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Congress Passes Protecting Americans from Tax Hikes (Path) Act of 2015, Making Many Tax Extenders Permanent

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Action Item: The recently enacted PATH Act contains key tax provisions for businesses and individuals alike, including permanently expanding Section 179 of the Internal Revenue Code; extending the availability of “bonus-depreciation”; modifying key business tax credits; adding several notable provisions applicable to REITs; extending several energy tax credits through 2016; and incentivizing charitable giving. Businesses and individuals are advised to review the provisions and evaluate the Act’s impact on their 2016 tax planning.

Background

Lost in the 2015 holiday shuffle, on December 18, 2015, President Obama signed into law the Protecting Americans from Tax Hikes Act (the “Act”), warmly referred to as the PATH Act. The Act retroactively reinstated expired tax extender provisions that were beneficial to both businesses and individuals, and also made several tax extender provisions permanent. Below is a summary of key provisions included within the Act.

Section 179 Expensing

The Act permanently extends Section 179 of the Internal Revenue Code of 1986, as amended (the “Code”), which provides taxpayers with an election to expense certain depreciable business assets (“Section 179 Property”) as opposed to subjecting such assets to normal depreciation schedules. This tax-favorable provision of the Act provides that a taxpayer may elect to expense up to $500,000 of Section 179 Property, with such amount being subject to inflation for tax years beginning in 2016. The Section 179 election is phased out for taxpayers placing more than $2 million of Section 179 Property into service, with such amount also being subject to inflation for tax years beginning in 2016. Without any further congressional action, the Section 179 expense limitation for 2015 and beyond was $25,000, and the phase-out amount was $200,000.

The Act also modifies a few other aspects of Section 179, all of which benefit taxpayers, including:

  • permanently extending the specials rules that allow expensing of computer software and qualified real property,
  • eliminating the $250,000 cap with respect to qualified real property, and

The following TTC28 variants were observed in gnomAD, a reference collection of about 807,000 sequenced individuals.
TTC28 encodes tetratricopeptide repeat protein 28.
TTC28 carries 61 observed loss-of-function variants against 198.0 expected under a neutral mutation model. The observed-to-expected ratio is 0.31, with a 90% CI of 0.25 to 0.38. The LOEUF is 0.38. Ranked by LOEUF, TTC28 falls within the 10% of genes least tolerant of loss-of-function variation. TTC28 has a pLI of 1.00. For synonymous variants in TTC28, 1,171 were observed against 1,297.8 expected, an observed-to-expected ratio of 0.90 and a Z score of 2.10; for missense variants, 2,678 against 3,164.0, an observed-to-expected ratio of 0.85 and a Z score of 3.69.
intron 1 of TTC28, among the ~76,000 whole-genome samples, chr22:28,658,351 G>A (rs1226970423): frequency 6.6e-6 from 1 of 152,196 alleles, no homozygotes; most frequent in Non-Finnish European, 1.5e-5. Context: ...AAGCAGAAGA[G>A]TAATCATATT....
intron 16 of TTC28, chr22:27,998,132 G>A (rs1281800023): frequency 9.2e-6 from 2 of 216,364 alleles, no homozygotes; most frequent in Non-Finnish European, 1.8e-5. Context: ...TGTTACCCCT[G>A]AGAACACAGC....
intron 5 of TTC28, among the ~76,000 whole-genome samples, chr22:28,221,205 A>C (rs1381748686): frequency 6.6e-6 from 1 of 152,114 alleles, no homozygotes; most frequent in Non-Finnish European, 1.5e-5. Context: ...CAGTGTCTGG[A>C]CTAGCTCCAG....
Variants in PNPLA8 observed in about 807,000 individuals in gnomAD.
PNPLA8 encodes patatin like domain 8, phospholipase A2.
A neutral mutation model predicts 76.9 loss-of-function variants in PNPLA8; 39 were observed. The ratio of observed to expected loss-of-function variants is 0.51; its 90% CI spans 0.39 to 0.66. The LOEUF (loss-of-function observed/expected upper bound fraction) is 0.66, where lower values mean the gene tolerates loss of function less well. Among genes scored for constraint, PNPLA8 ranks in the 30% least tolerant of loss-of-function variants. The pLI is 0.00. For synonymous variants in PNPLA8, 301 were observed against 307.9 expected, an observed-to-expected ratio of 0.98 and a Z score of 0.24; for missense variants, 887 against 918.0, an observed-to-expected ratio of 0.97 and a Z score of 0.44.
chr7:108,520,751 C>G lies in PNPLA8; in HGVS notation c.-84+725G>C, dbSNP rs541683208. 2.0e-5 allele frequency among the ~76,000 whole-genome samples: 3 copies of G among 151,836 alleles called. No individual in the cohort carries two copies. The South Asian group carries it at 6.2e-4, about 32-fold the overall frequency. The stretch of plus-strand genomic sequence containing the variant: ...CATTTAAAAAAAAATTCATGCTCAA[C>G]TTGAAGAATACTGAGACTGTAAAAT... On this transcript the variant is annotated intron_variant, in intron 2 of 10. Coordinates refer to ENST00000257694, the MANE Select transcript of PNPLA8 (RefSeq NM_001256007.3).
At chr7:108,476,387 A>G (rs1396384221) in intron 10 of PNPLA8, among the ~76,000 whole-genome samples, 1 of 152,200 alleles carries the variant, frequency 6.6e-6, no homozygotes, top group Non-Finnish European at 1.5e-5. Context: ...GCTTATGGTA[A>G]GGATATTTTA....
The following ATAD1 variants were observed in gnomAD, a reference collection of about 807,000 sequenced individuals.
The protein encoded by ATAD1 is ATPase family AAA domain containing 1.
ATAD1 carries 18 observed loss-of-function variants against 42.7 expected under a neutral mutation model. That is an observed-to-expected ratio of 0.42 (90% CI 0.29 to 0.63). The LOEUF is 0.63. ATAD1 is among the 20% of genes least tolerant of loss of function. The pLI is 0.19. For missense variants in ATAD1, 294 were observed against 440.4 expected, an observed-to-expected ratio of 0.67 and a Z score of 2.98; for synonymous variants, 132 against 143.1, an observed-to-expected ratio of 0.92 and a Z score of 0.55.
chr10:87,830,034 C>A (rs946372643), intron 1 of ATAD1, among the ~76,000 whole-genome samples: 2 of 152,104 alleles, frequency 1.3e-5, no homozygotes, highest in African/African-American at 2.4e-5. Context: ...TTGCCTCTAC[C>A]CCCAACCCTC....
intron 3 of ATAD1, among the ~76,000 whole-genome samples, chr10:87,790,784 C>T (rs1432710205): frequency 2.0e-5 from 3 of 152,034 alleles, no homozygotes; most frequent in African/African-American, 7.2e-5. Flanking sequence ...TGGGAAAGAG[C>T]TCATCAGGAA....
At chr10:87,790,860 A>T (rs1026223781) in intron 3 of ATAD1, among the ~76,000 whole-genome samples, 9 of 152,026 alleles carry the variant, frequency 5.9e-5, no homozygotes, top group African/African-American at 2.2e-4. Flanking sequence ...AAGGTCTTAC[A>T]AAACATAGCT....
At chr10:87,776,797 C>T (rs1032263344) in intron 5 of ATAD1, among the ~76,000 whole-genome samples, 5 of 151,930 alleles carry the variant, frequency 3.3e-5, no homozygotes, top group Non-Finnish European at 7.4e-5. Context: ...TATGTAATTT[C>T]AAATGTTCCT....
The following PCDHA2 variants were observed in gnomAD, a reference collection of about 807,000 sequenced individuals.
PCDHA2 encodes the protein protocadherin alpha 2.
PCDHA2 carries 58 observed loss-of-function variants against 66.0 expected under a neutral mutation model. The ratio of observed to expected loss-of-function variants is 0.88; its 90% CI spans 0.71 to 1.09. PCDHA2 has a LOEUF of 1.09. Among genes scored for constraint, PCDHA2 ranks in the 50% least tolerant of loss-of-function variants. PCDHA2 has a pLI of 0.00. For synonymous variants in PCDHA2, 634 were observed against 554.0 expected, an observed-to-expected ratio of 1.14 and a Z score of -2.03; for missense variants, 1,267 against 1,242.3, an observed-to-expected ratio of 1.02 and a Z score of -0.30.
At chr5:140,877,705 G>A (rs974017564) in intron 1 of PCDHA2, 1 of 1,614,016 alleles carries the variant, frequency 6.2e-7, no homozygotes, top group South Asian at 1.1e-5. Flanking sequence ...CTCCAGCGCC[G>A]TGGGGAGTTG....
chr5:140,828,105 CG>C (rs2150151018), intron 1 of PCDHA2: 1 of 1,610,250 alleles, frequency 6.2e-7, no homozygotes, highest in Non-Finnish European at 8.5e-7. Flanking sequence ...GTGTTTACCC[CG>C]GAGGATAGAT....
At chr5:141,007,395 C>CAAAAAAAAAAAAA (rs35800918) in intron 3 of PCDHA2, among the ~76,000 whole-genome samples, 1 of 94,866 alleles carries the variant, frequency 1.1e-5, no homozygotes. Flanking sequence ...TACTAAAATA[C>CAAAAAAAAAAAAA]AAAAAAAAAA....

• allowing air conditioning and heating units to be expensed under Section 179.

Bonus Depreciation

The Act extends the availability of so-called “bonus depreciation.” First-year “bonus depreciation” currently permits taxpayers to take a depreciation expense equal to 50 percent of the depreciable basis of the property placed in service. A taxpayer may claim bonus depreciation, despite also having elected to expense such property under Section 179.

By way of example, if a taxpayer placed Section 179 Property in service with a value of $1,000,000, and is not otherwise subject to the Section 179 phase-out described above, then the taxpayer would be eligible to expense $500,000 under Section 179, and $250,000 as bonus depreciation (i.e., 50 percent of the remaining $500,000 cost of the Section 179 Property) for a total deduction of $750,000. The remaining $250,000 of the Section 179 Property is depreciable under normal depreciation schedules, including whatever depreciation is available in the year the property is placed in service, above and beyond the $750,000 of Section 179 expense and bonus depreciation.

The Act extends 50 percent bonus depreciation for most property until the 2018 tax year, at which point in time the bonus depreciation amount is scheduled to be reduced to 40 percent. In 2019, bonus depreciation is scheduled to further be reduced to 30 percent for most property.

Other Business Provisions

The Act includes numerous business tax provisions that will be utilized by businesses of all types and sizes, including the following:

  • Cost Recovery: The Act amended Section 168(e)(3)(E) of the Code to permanently permit a 15-year straight-line cost recovery for qualified leasehold improvements, qualified restaurant buildings and improvements, and qualified retail improvements for property placed in service after December 31, 2014.
  • Small Business Stock: The Act permanently extends the provisions allowing for exclusion of taxable gain on the sale of qualified small business stock acquired after the enactment of the Creating Small Business Jobs Act of 2010 and held for five years.
  • Built-In Gains Tax Recognition Period for S Corporations: The Act provides that an S corporation must hold its assets for only five years following conversion from a C corporation to avoid the tax on built-in gains. The recognition period was previously ten years.
  • Medical Device Tax: The Act provides for a moratorium on the 2.3 percent excise tax imposed on the sale of medical devices during the 2016 and 2017 calendar years.

Business Tax Credits

Below is a summary of some of the business tax credits modified by the Act.